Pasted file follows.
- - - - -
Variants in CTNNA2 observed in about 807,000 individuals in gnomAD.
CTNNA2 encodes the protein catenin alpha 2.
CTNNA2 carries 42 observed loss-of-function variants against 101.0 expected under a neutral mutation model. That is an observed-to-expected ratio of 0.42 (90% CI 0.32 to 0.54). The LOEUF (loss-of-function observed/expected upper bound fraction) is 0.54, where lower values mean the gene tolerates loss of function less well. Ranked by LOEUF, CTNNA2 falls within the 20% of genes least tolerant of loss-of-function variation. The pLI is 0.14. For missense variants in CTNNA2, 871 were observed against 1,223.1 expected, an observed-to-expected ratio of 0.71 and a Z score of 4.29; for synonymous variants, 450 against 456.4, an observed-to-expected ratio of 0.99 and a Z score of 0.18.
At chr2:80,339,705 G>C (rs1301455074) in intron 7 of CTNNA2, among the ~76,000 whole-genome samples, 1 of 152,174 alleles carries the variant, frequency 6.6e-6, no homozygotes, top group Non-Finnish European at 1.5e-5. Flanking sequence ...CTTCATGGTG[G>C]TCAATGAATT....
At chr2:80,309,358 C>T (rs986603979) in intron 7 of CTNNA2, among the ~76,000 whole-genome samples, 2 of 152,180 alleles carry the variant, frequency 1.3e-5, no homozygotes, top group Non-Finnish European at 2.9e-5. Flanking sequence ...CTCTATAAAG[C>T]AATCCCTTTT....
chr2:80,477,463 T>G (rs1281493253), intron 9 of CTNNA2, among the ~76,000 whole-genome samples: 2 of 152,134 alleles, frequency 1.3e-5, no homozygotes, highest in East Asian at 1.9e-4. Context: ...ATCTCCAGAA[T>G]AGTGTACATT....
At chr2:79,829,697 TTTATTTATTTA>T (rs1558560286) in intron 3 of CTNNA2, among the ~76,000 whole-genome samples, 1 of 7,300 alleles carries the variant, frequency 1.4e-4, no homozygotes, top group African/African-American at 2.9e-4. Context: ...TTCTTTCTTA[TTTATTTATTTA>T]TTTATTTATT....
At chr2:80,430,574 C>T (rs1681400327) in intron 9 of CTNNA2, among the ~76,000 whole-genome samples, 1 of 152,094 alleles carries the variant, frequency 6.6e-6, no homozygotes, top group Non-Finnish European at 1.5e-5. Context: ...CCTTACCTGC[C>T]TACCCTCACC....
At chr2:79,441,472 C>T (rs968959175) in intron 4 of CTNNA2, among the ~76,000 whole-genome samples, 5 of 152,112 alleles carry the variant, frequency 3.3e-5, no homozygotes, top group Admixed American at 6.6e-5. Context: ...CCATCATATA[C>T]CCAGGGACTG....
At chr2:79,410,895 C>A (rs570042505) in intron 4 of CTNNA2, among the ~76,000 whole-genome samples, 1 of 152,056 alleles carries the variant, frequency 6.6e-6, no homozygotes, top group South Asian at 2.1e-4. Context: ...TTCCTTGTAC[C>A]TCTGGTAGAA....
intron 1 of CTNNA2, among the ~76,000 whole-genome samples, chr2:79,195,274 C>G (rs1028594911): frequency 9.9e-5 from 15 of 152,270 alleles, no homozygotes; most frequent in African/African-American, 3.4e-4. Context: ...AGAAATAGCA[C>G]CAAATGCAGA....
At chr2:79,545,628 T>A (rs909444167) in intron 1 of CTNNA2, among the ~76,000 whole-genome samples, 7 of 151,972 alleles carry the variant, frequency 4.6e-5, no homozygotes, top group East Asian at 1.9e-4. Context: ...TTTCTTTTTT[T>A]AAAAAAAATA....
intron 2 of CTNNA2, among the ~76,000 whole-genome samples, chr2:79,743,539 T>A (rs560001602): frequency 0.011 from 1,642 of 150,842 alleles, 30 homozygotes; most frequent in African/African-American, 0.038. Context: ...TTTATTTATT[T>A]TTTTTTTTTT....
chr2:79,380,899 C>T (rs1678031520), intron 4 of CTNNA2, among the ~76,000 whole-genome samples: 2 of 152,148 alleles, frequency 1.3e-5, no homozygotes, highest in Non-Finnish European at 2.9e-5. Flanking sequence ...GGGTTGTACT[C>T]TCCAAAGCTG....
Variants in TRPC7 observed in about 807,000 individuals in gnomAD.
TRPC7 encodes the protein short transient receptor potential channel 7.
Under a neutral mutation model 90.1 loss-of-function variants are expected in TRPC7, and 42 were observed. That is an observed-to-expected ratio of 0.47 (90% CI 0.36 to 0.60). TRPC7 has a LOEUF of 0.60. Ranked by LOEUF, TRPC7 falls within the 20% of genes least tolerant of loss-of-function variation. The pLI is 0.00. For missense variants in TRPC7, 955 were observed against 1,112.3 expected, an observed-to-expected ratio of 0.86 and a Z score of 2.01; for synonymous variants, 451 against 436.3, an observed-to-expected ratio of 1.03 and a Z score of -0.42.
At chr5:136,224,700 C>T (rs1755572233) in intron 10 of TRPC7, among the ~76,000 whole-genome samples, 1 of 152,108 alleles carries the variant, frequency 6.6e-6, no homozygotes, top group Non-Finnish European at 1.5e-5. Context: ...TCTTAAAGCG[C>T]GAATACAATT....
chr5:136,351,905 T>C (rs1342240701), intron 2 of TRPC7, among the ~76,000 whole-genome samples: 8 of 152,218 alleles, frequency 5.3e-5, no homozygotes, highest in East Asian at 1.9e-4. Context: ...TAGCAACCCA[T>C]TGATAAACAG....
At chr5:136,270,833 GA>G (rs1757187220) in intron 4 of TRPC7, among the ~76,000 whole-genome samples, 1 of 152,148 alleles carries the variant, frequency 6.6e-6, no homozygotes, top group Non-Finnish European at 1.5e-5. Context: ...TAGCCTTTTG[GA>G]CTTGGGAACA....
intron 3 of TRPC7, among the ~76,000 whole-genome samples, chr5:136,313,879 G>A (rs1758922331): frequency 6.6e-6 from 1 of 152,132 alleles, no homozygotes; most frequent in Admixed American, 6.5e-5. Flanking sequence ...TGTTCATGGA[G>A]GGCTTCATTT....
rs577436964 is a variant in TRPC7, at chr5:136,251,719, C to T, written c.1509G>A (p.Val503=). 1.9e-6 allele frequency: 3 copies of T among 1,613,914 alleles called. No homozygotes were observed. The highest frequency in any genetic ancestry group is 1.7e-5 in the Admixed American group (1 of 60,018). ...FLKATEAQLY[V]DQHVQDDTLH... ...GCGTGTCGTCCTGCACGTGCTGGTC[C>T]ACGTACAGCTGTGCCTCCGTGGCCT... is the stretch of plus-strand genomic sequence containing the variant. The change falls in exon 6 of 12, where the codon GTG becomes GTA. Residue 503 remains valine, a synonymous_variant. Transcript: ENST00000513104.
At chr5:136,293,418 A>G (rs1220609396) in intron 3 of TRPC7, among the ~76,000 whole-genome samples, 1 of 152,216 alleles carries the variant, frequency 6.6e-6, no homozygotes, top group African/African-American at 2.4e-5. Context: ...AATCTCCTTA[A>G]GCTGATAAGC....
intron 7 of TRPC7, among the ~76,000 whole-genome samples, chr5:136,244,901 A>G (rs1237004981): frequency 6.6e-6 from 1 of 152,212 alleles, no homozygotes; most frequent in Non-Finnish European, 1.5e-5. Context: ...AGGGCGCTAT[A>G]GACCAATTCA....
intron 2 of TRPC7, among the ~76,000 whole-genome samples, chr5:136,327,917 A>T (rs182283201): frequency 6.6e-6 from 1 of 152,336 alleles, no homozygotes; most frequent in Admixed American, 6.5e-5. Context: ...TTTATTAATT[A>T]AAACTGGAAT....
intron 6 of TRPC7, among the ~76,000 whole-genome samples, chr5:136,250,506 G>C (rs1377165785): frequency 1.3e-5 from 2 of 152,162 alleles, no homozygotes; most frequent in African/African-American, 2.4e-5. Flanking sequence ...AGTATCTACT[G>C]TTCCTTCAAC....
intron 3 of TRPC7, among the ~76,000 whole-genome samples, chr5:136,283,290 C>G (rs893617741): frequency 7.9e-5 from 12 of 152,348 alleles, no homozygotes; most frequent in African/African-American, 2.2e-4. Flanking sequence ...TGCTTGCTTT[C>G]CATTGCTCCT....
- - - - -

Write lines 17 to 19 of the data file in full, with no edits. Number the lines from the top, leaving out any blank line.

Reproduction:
Under a neutral mutation model 90.1 loss-of-function variants are expected in TRPC7, and 42 were observed. That is an observed-to-expected ratio of 0.47 (90% CI 0.36 to 0.60). TRPC7 has a LOEUF of 0.60. Ranked by LOEUF, TRPC7 falls within the 20% of genes least tolerant of loss-of-function variation. The pLI is 0.00. For missense variants in TRPC7, 955 were observed against 1,112.3 expected, an observed-to-expected ratio of 0.86 and a Z score of 2.01; for synonymous variants, 451 against 436.3, an observed-to-expected ratio of 1.03 and a Z score of -0.42.
At chr5:136,224,700 C>T (rs1755572233) in intron 10 of TRPC7, among the ~76,000 whole-genome samples, 1 of 152,108 alleles carries the variant, frequency 6.6e-6, no homozygotes, top group Non-Finnish European at 1.5e-5. Context: ...TCTTAAAGCG[C>T]GAATACAATT....
chr5:136,351,905 T>C (rs1342240701), intron 2 of TRPC7, among the ~76,000 whole-genome samples: 8 of 152,218 alleles, frequency 5.3e-5, no homozygotes, highest in East Asian at 1.9e-4. Context: ...TAGCAACCCA[T>C]TGATAAACAG....